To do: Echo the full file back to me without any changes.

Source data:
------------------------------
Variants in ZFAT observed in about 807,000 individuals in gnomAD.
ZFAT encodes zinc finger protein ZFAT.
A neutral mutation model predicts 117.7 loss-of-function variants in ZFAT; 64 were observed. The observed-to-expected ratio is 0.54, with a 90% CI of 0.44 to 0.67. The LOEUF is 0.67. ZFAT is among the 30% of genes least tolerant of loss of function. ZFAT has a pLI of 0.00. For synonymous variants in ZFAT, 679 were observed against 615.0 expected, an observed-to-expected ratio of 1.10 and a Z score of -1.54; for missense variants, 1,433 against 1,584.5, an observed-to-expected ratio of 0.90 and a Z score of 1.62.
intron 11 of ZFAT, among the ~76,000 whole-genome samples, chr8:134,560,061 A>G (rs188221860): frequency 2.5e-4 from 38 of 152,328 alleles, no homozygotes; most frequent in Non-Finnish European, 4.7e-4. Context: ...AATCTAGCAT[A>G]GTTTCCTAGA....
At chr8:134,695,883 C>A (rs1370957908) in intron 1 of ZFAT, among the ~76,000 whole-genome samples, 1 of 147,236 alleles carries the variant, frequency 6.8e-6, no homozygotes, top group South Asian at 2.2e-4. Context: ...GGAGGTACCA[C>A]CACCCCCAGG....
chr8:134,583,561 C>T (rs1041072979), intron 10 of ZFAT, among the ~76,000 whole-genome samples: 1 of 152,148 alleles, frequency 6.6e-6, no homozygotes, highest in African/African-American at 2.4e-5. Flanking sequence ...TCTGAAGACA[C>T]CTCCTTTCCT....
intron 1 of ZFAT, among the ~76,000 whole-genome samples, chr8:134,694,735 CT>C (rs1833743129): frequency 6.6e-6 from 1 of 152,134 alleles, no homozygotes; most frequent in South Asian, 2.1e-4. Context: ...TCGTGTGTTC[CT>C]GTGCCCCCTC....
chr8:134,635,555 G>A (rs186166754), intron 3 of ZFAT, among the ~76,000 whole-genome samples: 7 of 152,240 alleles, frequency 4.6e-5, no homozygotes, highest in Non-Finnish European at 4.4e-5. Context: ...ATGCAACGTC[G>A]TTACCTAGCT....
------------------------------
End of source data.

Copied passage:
Variants in ZFAT observed in about 807,000 individuals in gnomAD.
ZFAT encodes zinc finger protein ZFAT.
A neutral mutation model predicts 117.7 loss-of-function variants in ZFAT; 64 were observed. The observed-to-expected ratio is 0.54, with a 90% CI of 0.44 to 0.67. The LOEUF is 0.67. ZFAT is among the 30% of genes least tolerant of loss of function. ZFAT has a pLI of 0.00. For synonymous variants in ZFAT, 679 were observed against 615.0 expected, an observed-to-expected ratio of 1.10 and a Z score of -1.54; for missense variants, 1,433 against 1,584.5, an observed-to-expected ratio of 0.90 and a Z score of 1.62.
intron 11 of ZFAT, among the ~76,000 whole-genome samples, chr8:134,560,061 A>G (rs188221860): frequency 2.5e-4 from 38 of 152,328 alleles, no homozygotes; most frequent in Non-Finnish European, 4.7e-4. Context: ...AATCTAGCAT[A>G]GTTTCCTAGA....
At chr8:134,695,883 C>A (rs1370957908) in intron 1 of ZFAT, among the ~76,000 whole-genome samples, 1 of 147,236 alleles carries the variant, frequency 6.8e-6, no homozygotes, top group South Asian at 2.2e-4. Context: ...GGAGGTACCA[C>A]CACCCCCAGG....
chr8:134,583,561 C>T (rs1041072979), intron 10 of ZFAT, among the ~76,000 whole-genome samples: 1 of 152,148 alleles, frequency 6.6e-6, no homozygotes, highest in African/African-American at 2.4e-5. Flanking sequence ...TCTGAAGACA[C>T]CTCCTTTCCT....
intron 1 of ZFAT, among the ~76,000 whole-genome samples, chr8:134,694,735 CT>C (rs1833743129): frequency 6.6e-6 from 1 of 152,134 alleles, no homozygotes; most frequent in South Asian, 2.1e-4. Context: ...TCGTGTGTTC[CT>C]GTGCCCCCTC....
chr8:134,635,555 G>A (rs186166754), intron 3 of ZFAT, among the ~76,000 whole-genome samples: 7 of 152,240 alleles, frequency 4.6e-5, no homozygotes, highest in Non-Finnish European at 4.4e-5. Context: ...ATGCAACGTC[G>A]TTACCTAGCT....